To a god sitting atop Mount Olympus, no landscape might seem more foreign than the trailer parks of Montana. But bringing mythic power into working class America is exactly what playwright and choreographer Joe Goode plans to do Mythic Montana, a work in progress on the U.C. Berkeley campus.
After years of teaching appointments at UC Berkeley, Joe Goode has now joined the full-time faculty of the Theater, Dance, and Performance Studies Department. He brings 15 years of experience with his own San Francisco-based company, the Joe Goode Performance Group. His work has won national recognition, including a New York Dance and Performance Award and two Bay Area Isadora Duncan Dance Awards. Mythic Montana, opening in late spring at Zellerbach Playhouse and the Yerba Buena Center, will be his first project as a full-time Berkeley instructor.
"What appeals to me about Greek myth is that you never know what's going to happen," Goode says. "The gods are capricious, and people are forced into situations they don't want to be in. It seems there's a lesson to be learned in a culture where we feel we're very much in control over our own destiny."
This vision of life as a continual surprise is a theme throughout Goode's work. It also governs his own creative process. Before he sits down to write, Goode workshops with his actors and dancers, deriving what he calls a "physical score" for the piece. As the performers explore their characters, a whole set of movements and relationships unfolds, and Goode uses these to develop the text. The result is what Goode calls a "very physical approach to theater," an intricate blend of language and movement emerging out of the actor's own being.
Goode's method brings to mind the Luigi Pirandello play, Six Characters in Search of an Author, in which a group of characters bypasses the playwright to tell their own story. "It's exactly like that," says Goode, laughing. "I really do want the characters to reveal themselves. It's an exciting way of working, because there's a kind of authorship in the performance that is key to making great theater."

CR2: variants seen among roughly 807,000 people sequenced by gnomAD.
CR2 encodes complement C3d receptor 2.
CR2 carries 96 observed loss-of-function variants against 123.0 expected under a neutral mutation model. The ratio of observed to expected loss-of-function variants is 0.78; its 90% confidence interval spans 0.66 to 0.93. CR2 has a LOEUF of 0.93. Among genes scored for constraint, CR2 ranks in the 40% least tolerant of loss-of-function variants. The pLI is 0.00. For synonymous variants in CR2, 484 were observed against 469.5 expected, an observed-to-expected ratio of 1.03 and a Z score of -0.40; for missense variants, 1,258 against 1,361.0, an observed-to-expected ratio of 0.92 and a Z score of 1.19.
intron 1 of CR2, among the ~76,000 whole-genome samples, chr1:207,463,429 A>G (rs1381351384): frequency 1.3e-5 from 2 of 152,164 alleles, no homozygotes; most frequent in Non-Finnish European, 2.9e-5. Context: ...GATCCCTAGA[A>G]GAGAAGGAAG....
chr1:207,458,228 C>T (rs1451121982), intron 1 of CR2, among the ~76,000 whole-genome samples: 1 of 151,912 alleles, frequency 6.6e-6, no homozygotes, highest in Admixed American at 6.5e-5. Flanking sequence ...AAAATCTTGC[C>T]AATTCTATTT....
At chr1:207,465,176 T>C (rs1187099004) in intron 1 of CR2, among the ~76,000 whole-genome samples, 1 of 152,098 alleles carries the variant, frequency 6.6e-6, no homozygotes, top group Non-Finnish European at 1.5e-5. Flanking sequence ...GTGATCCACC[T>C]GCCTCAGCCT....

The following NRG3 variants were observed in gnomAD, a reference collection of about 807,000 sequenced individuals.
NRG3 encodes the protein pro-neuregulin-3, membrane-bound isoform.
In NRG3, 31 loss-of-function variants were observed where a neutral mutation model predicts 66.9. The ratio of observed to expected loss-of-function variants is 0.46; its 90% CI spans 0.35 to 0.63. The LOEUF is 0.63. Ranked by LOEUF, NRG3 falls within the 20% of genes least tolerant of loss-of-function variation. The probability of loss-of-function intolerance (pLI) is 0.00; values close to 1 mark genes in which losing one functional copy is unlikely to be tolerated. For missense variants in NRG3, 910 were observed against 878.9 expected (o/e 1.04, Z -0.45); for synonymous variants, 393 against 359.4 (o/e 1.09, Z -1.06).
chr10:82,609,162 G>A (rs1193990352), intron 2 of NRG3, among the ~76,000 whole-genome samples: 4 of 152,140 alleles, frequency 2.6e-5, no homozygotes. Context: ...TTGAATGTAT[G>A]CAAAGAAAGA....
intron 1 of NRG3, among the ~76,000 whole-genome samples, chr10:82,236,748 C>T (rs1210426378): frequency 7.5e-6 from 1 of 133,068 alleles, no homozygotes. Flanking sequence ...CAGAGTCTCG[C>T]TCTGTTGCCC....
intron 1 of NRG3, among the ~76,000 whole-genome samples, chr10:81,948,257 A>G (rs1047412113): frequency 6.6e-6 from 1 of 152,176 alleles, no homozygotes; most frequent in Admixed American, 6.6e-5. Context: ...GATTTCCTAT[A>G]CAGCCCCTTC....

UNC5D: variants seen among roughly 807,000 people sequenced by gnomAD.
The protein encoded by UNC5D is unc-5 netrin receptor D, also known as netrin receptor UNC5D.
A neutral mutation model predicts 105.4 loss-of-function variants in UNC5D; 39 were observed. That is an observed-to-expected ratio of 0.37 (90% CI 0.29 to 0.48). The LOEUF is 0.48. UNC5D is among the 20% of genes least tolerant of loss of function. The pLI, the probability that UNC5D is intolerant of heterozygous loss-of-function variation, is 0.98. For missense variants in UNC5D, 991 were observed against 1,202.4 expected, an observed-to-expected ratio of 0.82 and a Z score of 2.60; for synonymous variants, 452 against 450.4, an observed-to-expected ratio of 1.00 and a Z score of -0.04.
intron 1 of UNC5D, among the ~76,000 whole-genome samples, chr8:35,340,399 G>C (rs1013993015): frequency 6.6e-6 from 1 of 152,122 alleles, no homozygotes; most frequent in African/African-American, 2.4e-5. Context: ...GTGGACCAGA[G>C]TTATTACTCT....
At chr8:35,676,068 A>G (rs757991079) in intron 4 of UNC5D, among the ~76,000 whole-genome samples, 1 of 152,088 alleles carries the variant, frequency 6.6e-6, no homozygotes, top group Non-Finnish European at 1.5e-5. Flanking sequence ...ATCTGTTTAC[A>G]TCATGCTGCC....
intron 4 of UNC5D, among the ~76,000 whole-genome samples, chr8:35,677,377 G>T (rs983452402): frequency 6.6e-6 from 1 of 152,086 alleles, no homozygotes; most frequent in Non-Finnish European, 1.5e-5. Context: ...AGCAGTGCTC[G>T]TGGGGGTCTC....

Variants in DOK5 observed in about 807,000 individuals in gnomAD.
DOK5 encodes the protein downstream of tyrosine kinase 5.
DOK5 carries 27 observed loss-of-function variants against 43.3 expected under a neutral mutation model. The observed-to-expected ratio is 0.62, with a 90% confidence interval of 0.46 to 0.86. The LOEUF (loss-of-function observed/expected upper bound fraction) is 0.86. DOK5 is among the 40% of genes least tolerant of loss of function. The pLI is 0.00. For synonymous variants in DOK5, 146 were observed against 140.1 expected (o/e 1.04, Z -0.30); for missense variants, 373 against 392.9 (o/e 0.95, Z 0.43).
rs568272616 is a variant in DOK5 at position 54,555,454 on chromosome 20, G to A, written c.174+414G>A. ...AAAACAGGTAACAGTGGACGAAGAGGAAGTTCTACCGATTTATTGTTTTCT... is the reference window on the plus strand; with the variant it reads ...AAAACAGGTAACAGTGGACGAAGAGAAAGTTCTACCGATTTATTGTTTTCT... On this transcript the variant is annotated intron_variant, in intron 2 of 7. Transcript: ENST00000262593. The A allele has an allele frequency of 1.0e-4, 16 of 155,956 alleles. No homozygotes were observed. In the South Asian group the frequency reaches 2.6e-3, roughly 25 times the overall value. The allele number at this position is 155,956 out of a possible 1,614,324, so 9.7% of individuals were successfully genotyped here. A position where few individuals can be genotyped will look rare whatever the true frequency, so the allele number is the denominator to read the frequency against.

The students in Goode's UC Berkeley group will have a chance to experience this kind of authorship firsthand. Their work will be instrumental in creating a piece that Goode later plans to take to UCLA and Cal State at Long Beach. The goal, Goode says, is to come up with a well-balanced interplay of speech and movement, Greek chorus and dance parts, all rooted in real human experience.
"If you think back to early theater, tribal traditions where we wrote on the cave wall and danced around the fire, there was ultimately no separation between the performers and the characters they played," Goode says. "Often the purpose of these performances was to elevate the spiritual tradition of the tribe, and a key to that spiritual experience is the performer's involvement."
This approach was demonstrated recently in What the Body Knows, a piece by the Joe Goode Performance Group. Onstage, the face of the central character is projected onto a 20-by-20 foot screen, magnifying all her expressions. The audience watches her facially take on different elements of her surroundings, empathizing with the various people she meets. "The actress who played the part is, in fact, an incredibly empathetic person," Goode says. "Her character became a wild enlargement of something that's very real for her. In the process of working through something of her own, she was enlightening us all."
Goode calls this kind of personal identification "powerful and risky." But he sees it as an essential component in all his theater, the only authentic way to bring the divine forces of Mount Olympus onto the stage of modern life. "I'm not just up here doing Shaw or Ibsen," he says. "I'm up here doing my life on some level. I think that is a fairly radical approach, and it's one that I believe in."
– Todd Dayton